When Abby Wambach went out of her way to thank Dan Borislow for flying her family all the way from Rochester to Harrison to see her beat the living hell out of the all-time international goal-scoring record, my first thought was “Boy, I’m sure glad Borislow refuted all those terrible things they said about him when he ran his WPS franchise. Like how he made grown adults and athletes call him daddy, how he bullied his underlings and pampered stars, and whose refusal to run the team as anything resembling a professional franchise set the sport back years. Sure glad all that turned out to be untrue.” Links here:
Huh. That’s weird. Google, Bing, and Yahoo have all scrubbed any reference to those charges against Borislow being untrue in any detail whatsover. Maybe Edward Snowden has them on his thumb drive.
I know that family is important. The people you live with and love are the center of your heart, and you want to show that you appreciate and care about them. Letting your family know you love them, and that you’re proud of them, and that you would never let them down or disown them or act like you’re ashamed of them – these are all crucial things.
And if Borislow spared Abby’s family the agony of the Throg’s Neck Bridge – well, what better time to say so than when you’ve broken one of the biggest records in the sport.
Well, I for one will respect Abby Wambach’s wishes. When I think of Abby Wambach, the first name I will immediately think of is Dan Borislow. Coaches, teammates and family come and go, but guys who buy you plane rides are forever. And I hope when Abby is voted into the Hall of Fame, Borislow is right there, front and center, letting everyone know what he meant to Wambach and what their priorities are.
Her accomplishments as a player can never be matched by anyone, except maybe for the several dozen that have actually won a World Cup.
What burnt-out cinder of fairness remains to me demands that I point out that among the many, many people overjoyed and congratulatory towards Wambach and her achievement was Mia Hamm. There’s also nothing to suggest that if and when Wambach’s record is broken, she won’t be similarly gracious.
However, just because Mia Hamm seems to have no problem with Wambach’s friendship with Dan Borislow doesn’t necessarily invalidate my opinion. I have the same answer I’ve had for a lot of what I consider to be various USWNT transgressions of classiness over the past few years. Perhaps someday there will be a women’s soccer player who quotes Charles Barkley and denies being a role model, but that day is certainly not this, and Wambach is not Barkley:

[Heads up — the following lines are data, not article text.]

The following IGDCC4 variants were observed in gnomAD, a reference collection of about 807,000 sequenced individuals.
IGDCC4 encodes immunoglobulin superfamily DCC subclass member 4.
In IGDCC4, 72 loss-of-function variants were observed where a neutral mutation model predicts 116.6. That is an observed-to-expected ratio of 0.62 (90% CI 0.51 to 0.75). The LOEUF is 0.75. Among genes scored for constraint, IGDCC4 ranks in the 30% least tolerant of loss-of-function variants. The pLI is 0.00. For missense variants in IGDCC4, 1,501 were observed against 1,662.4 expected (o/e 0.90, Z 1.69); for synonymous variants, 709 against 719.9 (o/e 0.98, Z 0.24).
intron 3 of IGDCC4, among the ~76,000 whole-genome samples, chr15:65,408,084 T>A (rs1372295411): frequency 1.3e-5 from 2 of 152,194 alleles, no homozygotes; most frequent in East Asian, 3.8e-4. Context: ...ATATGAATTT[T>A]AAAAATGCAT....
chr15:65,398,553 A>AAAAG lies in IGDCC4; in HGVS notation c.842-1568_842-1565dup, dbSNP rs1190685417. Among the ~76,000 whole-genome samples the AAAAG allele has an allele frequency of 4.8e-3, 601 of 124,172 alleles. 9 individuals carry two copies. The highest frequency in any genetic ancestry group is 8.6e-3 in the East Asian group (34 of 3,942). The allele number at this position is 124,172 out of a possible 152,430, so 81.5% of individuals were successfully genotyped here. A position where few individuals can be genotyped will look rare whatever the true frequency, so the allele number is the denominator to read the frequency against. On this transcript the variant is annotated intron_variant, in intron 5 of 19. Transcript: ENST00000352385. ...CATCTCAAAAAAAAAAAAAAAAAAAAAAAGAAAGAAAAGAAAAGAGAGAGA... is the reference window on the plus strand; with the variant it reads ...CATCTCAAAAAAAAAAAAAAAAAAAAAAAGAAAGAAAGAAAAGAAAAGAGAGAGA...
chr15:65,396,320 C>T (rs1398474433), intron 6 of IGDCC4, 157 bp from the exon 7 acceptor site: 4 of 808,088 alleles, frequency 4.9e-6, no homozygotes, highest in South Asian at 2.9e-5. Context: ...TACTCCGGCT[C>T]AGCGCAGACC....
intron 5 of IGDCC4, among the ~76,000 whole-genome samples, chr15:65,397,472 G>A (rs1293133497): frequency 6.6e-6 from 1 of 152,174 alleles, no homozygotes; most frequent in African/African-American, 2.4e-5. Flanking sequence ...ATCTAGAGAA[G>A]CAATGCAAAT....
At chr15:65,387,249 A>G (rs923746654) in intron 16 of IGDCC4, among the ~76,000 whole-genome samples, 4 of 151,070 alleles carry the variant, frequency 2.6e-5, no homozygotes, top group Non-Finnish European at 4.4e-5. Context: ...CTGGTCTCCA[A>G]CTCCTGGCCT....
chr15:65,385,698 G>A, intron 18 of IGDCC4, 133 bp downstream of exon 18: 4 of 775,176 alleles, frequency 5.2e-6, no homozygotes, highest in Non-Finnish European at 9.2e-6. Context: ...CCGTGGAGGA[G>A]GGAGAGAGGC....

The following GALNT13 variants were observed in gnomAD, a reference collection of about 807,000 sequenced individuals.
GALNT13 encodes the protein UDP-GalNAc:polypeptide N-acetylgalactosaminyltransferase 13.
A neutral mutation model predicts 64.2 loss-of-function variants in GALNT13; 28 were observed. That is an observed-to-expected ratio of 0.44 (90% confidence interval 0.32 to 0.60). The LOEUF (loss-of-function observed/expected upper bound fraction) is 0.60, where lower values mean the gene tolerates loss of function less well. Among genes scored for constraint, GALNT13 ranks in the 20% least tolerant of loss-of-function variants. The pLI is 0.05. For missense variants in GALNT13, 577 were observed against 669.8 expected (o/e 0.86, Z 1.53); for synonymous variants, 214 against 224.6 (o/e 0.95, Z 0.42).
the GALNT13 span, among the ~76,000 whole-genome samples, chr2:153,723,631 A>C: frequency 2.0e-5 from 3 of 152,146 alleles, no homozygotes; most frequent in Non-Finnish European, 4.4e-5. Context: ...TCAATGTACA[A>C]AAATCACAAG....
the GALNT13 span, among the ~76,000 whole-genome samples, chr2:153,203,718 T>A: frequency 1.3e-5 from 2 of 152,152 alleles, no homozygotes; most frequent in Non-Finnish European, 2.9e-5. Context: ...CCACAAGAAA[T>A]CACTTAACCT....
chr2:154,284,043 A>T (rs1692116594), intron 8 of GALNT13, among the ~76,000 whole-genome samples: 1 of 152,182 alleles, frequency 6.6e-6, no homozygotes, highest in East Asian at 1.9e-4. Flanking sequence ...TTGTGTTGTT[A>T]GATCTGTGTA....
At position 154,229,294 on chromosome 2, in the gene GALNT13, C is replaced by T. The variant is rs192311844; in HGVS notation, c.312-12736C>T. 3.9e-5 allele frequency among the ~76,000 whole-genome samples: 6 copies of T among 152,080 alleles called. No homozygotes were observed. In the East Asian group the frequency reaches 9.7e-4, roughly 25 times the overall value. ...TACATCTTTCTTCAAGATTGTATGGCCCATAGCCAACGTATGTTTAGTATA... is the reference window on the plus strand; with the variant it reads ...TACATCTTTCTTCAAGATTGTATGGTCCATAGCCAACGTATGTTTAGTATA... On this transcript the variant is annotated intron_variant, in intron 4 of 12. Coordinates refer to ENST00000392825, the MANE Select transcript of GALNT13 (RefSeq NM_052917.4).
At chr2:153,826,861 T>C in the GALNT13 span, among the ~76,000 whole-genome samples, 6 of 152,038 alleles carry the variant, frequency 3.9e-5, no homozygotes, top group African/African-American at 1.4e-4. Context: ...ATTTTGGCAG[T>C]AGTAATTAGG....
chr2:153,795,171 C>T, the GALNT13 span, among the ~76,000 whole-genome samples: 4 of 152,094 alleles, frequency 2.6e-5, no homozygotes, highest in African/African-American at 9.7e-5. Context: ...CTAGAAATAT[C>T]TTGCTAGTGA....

I think it’s a responsibility and an honor to be a role model for anybody, and I think it’s even a bigger honor to be a role model for younger childre, because, you know, “Children are our future. Teach them well and let them lead the way.”
Even if she didn’t want to be a role model, she chose a career where young girls by the millions would look up to her. And her on-field accomplishments deserve all the praise possible – unless, again, you think of the World Cup as some sort of tournament to prove what the best team in the world is, or something crazy like that. But she is a role model, and the people she's putting front and center in her life carry weight. What she says and doesn't say, who she supports and doesn't support, may not mean a lot if all you're doing is studying how she played the game. But role model means a lot more.
The sad truth, apparently, is that we still aren’t at a point in society where female athletes can be judged simply on their accomplishments. The New York Times made a huge mistake earlier this month:
An article in some editions on May 26 about the Los Angeles Galaxy’s acquisition of Robbie Rogers, an openly gay soccer player, erroneously included one soccer player among prominent women who came out publicly during their athletic careers. Abby Wambach is not among them.
It’s very, very disappointing having to read that. It is nobody’s place to make assumptions on someone’s orientation, and if the Times simply saw a strong female athlete and bought into stereotypes, then that is despicable and scandalous.
And I’m sorry to say that the Times isn’t the only culprit here. Abby Wambach’s private life is her private life. So whoever is responsible for this and this should be deeply ashamed of themselves, and should take it down immediately.